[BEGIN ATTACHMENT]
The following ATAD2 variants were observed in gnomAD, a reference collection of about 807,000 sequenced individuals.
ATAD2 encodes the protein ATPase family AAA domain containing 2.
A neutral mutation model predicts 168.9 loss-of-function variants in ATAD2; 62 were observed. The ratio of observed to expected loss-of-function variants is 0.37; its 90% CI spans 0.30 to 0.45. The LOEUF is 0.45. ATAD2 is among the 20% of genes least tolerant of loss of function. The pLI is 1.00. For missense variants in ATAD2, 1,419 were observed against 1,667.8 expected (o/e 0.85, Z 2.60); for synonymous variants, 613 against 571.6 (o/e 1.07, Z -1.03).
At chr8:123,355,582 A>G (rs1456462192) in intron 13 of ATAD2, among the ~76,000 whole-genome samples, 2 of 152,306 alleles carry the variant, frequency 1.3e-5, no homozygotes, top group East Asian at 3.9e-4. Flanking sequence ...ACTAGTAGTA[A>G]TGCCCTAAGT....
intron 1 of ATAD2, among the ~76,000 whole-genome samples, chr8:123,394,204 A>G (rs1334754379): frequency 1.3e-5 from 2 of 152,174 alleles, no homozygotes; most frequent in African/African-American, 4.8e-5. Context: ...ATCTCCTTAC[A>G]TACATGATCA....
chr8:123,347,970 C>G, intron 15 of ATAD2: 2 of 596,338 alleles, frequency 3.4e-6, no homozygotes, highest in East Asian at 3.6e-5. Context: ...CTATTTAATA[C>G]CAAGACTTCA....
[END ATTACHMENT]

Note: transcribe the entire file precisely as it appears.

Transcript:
The following ATAD2 variants were observed in gnomAD, a reference collection of about 807,000 sequenced individuals.
ATAD2 encodes the protein ATPase family AAA domain containing 2.
A neutral mutation model predicts 168.9 loss-of-function variants in ATAD2; 62 were observed. The ratio of observed to expected loss-of-function variants is 0.37; its 90% CI spans 0.30 to 0.45. The LOEUF is 0.45. ATAD2 is among the 20% of genes least tolerant of loss of function. The pLI is 1.00. For missense variants in ATAD2, 1,419 were observed against 1,667.8 expected (o/e 0.85, Z 2.60); for synonymous variants, 613 against 571.6 (o/e 1.07, Z -1.03).
At chr8:123,355,582 A>G (rs1456462192) in intron 13 of ATAD2, among the ~76,000 whole-genome samples, 2 of 152,306 alleles carry the variant, frequency 1.3e-5, no homozygotes, top group East Asian at 3.9e-4. Flanking sequence ...ACTAGTAGTA[A>G]TGCCCTAAGT....
intron 1 of ATAD2, among the ~76,000 whole-genome samples, chr8:123,394,204 A>G (rs1334754379): frequency 1.3e-5 from 2 of 152,174 alleles, no homozygotes; most frequent in African/African-American, 4.8e-5. Context: ...ATCTCCTTAC[A>G]TACATGATCA....
chr8:123,347,970 C>G, intron 15 of ATAD2: 2 of 596,338 alleles, frequency 3.4e-6, no homozygotes, highest in East Asian at 3.6e-5. Context: ...CTATTTAATA[C>G]CAAGACTTCA....